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Britain’s First Baby Born From A Frozen Embryo

March 10, 1985

LONDON, England (AP) _ Britain’s first test-tube baby from a frozen embryo has been born in a Manchester hospital, the Daily Mail reported Saturday. The newspaper said it was a healthy, 6-pound 5-ounce boy.

Patrick Steptoe and Robert Edwards, who pioneered work in test-tube babies, implanted the embryo in the womb of Janet Jackson, 34. The embryo had been frozen in liquid nitrogen for three months, said the Mail, which bought rights to the story.

″He’s a perfect baby, an absolutely lovely little chap,″ the father, art teacher Tony Jackson, was quoted as saying.

A spokesman at St. Mary’s Hospital, where Gregory Martin Jackson was born Friday night, said the hospital could give no details and had been instructed to refer media inquiries to the Jackson’s attorney. There was no answer from the attorney’s telephone.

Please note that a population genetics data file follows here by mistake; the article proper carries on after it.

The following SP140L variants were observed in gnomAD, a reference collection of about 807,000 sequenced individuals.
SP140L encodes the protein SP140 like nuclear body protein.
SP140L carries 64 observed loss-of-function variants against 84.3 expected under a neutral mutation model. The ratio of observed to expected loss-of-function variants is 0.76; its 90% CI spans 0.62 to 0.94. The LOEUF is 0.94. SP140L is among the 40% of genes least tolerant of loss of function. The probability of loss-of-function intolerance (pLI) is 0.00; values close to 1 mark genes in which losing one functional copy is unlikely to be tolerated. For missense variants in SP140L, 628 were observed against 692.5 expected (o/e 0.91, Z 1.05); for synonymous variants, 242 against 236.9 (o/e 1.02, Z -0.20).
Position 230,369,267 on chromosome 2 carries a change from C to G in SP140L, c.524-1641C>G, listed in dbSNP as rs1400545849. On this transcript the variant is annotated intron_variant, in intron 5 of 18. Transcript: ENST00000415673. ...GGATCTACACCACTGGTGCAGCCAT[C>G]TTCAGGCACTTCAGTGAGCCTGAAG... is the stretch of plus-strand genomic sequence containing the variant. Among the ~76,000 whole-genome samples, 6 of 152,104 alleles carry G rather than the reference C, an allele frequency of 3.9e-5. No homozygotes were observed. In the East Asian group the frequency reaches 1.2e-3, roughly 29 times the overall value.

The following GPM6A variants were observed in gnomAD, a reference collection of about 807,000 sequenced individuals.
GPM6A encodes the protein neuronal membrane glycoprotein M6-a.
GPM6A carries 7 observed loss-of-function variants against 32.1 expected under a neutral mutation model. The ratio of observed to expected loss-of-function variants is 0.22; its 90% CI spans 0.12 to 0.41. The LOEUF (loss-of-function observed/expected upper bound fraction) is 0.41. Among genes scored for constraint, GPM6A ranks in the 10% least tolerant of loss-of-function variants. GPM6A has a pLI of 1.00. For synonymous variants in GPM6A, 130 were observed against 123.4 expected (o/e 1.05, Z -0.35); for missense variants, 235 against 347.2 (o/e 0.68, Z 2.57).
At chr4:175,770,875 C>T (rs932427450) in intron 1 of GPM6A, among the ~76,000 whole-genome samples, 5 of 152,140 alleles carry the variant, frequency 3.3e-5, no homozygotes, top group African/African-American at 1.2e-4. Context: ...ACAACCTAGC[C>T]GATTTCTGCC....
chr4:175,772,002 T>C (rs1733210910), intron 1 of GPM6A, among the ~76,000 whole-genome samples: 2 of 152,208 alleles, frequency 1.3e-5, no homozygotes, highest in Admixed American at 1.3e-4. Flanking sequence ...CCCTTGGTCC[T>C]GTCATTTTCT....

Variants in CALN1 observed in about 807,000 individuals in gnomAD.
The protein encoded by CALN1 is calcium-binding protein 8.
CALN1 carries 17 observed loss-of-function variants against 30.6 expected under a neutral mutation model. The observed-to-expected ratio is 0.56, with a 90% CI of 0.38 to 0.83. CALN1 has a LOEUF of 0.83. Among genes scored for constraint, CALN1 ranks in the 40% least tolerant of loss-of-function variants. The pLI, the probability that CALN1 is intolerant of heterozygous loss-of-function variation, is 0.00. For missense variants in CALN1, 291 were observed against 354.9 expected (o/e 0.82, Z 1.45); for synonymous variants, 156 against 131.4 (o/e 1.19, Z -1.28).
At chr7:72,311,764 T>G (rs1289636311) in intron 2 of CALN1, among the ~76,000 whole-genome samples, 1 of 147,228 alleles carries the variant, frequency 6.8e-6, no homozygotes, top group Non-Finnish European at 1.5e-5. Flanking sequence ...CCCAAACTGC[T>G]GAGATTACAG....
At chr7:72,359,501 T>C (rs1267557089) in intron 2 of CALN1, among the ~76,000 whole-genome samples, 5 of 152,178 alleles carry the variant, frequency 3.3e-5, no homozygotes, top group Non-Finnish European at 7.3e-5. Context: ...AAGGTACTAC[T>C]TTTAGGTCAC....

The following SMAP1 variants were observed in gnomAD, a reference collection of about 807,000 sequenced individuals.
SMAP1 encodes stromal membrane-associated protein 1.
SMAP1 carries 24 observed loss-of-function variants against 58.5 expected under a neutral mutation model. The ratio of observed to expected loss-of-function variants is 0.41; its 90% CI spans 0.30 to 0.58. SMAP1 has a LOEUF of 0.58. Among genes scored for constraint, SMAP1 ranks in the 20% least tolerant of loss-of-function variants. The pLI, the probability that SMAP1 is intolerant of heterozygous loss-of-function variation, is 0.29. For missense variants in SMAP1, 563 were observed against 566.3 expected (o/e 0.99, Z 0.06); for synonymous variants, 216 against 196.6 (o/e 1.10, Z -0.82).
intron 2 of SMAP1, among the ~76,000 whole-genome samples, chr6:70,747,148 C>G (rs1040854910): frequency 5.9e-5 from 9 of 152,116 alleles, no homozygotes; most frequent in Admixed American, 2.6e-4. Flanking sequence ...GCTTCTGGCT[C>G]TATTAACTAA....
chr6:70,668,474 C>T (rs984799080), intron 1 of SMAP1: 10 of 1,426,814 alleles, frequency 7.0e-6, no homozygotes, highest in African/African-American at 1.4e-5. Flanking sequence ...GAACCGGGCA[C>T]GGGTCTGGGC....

The world’s first frozen embryo baby was born in Melbourne, Australia, last year. Since then, at least five more have been born in Melbourne, including twins, and one in Rotterdam, Holland.

The Mail said Ms. Steptoe and Edwards removed five eggs from Mrs. Jackson last April, fertilized them with her husband’s sperm, placed three in her womb and froze the other two.

Mrs. Jackson, who had tried to have a baby for eight years, miscarried the three embryos. She then returned to the doctors’ clinic, Bourne Hall in Cambridgeshire, last June, the newspaper said.

The frozen embryos were thawed out. One was defective, but the other was implanted in Mrs. Jackson’s womb, the Mail said.

Ms. Steptoe and Edwards were responsible for the world’s first test-tube baby, Louise Brown, born in Oldham, England, on July 25, 1978.

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